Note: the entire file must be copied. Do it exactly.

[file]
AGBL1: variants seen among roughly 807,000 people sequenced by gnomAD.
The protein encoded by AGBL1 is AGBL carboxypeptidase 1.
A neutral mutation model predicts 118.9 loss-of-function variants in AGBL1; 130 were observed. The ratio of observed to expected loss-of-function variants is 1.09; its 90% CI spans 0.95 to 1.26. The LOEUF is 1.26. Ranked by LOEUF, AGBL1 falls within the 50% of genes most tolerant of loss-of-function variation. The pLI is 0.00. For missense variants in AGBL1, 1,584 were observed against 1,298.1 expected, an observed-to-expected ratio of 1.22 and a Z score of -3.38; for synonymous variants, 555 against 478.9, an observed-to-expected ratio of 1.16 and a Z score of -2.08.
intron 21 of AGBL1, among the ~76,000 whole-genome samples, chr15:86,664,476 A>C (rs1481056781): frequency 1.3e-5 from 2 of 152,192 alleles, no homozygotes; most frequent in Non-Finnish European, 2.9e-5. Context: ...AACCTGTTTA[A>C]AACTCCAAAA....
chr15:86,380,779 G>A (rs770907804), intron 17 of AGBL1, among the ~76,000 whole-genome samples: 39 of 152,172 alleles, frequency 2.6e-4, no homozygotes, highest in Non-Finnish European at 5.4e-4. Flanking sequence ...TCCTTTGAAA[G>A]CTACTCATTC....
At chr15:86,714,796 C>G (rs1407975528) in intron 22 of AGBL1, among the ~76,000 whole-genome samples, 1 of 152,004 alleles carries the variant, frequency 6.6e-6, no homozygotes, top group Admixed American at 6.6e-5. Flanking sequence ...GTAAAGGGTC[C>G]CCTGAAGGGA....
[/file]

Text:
AGBL1: variants seen among roughly 807,000 people sequenced by gnomAD.
The protein encoded by AGBL1 is AGBL carboxypeptidase 1.
A neutral mutation model predicts 118.9 loss-of-function variants in AGBL1; 130 were observed. The ratio of observed to expected loss-of-function variants is 1.09; its 90% CI spans 0.95 to 1.26. The LOEUF is 1.26. Ranked by LOEUF, AGBL1 falls within the 50% of genes most tolerant of loss-of-function variation. The pLI is 0.00. For missense variants in AGBL1, 1,584 were observed against 1,298.1 expected, an observed-to-expected ratio of 1.22 and a Z score of -3.38; for synonymous variants, 555 against 478.9, an observed-to-expected ratio of 1.16 and a Z score of -2.08.
intron 21 of AGBL1, among the ~76,000 whole-genome samples, chr15:86,664,476 A>C (rs1481056781): frequency 1.3e-5 from 2 of 152,192 alleles, no homozygotes; most frequent in Non-Finnish European, 2.9e-5. Context: ...AACCTGTTTA[A>C]AACTCCAAAA....
chr15:86,380,779 G>A (rs770907804), intron 17 of AGBL1, among the ~76,000 whole-genome samples: 39 of 152,172 alleles, frequency 2.6e-4, no homozygotes, highest in Non-Finnish European at 5.4e-4. Flanking sequence ...TCCTTTGAAA[G>A]CTACTCATTC....
At chr15:86,714,796 C>G (rs1407975528) in intron 22 of AGBL1, among the ~76,000 whole-genome samples, 1 of 152,004 alleles carries the variant, frequency 6.6e-6, no homozygotes, top group Admixed American at 6.6e-5. Flanking sequence ...GTAAAGGGTC[C>G]CCTGAAGGGA....